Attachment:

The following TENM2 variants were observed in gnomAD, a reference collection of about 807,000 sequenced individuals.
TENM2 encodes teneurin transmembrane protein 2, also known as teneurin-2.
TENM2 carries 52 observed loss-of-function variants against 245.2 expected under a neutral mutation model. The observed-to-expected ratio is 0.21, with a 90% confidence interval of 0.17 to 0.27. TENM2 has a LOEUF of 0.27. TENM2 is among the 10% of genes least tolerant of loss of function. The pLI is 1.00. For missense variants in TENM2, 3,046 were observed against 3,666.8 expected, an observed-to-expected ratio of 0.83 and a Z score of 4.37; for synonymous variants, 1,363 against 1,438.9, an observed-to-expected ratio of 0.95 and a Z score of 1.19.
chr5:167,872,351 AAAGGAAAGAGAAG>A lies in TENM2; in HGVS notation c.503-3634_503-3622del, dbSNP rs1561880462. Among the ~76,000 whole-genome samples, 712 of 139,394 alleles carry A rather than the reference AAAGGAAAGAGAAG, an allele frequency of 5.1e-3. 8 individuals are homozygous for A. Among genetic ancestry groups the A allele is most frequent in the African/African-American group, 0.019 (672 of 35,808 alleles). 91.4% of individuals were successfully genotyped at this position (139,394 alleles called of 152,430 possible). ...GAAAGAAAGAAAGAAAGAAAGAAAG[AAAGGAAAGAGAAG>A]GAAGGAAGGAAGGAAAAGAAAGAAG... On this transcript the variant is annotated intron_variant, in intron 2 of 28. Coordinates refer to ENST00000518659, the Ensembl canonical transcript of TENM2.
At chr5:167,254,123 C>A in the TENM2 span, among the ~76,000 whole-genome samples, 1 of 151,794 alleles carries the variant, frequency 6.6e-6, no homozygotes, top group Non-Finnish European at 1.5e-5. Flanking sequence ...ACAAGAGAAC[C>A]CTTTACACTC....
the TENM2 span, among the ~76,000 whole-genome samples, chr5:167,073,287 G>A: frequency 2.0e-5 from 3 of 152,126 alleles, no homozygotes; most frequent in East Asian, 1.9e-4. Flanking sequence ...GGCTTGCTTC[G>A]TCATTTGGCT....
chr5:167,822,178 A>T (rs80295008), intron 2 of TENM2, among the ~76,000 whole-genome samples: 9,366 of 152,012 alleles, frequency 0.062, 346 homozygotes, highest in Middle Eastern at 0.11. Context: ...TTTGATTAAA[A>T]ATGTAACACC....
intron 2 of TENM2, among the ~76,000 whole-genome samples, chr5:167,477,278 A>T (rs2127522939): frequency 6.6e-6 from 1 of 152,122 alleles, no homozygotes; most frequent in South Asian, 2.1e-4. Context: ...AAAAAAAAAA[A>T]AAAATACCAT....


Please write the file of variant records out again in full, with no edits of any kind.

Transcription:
The following TENM2 variants were observed in gnomAD, a reference collection of about 807,000 sequenced individuals.
TENM2 encodes teneurin transmembrane protein 2, also known as teneurin-2.
TENM2 carries 52 observed loss-of-function variants against 245.2 expected under a neutral mutation model. The observed-to-expected ratio is 0.21, with a 90% confidence interval of 0.17 to 0.27. TENM2 has a LOEUF of 0.27. TENM2 is among the 10% of genes least tolerant of loss of function. The pLI is 1.00. For missense variants in TENM2, 3,046 were observed against 3,666.8 expected, an observed-to-expected ratio of 0.83 and a Z score of 4.37; for synonymous variants, 1,363 against 1,438.9, an observed-to-expected ratio of 0.95 and a Z score of 1.19.
chr5:167,872,351 AAAGGAAAGAGAAG>A lies in TENM2; in HGVS notation c.503-3634_503-3622del, dbSNP rs1561880462. Among the ~76,000 whole-genome samples, 712 of 139,394 alleles carry A rather than the reference AAAGGAAAGAGAAG, an allele frequency of 5.1e-3. 8 individuals are homozygous for A. Among genetic ancestry groups the A allele is most frequent in the African/African-American group, 0.019 (672 of 35,808 alleles). 91.4% of individuals were successfully genotyped at this position (139,394 alleles called of 152,430 possible). ...GAAAGAAAGAAAGAAAGAAAGAAAG[AAAGGAAAGAGAAG>A]GAAGGAAGGAAGGAAAAGAAAGAAG... On this transcript the variant is annotated intron_variant, in intron 2 of 28. Coordinates refer to ENST00000518659, the Ensembl canonical transcript of TENM2.
At chr5:167,254,123 C>A in the TENM2 span, among the ~76,000 whole-genome samples, 1 of 151,794 alleles carries the variant, frequency 6.6e-6, no homozygotes, top group Non-Finnish European at 1.5e-5. Flanking sequence ...ACAAGAGAAC[C>A]CTTTACACTC....
the TENM2 span, among the ~76,000 whole-genome samples, chr5:167,073,287 G>A: frequency 2.0e-5 from 3 of 152,126 alleles, no homozygotes; most frequent in East Asian, 1.9e-4. Flanking sequence ...GGCTTGCTTC[G>A]TCATTTGGCT....
chr5:167,822,178 A>T (rs80295008), intron 2 of TENM2, among the ~76,000 whole-genome samples: 9,366 of 152,012 alleles, frequency 0.062, 346 homozygotes, highest in Middle Eastern at 0.11. Context: ...TTTGATTAAA[A>T]ATGTAACACC....
intron 2 of TENM2, among the ~76,000 whole-genome samples, chr5:167,477,278 A>T (rs2127522939): frequency 6.6e-6 from 1 of 152,122 alleles, no homozygotes; most frequent in South Asian, 2.1e-4. Context: ...AAAAAAAAAA[A>T]AAAATACCAT....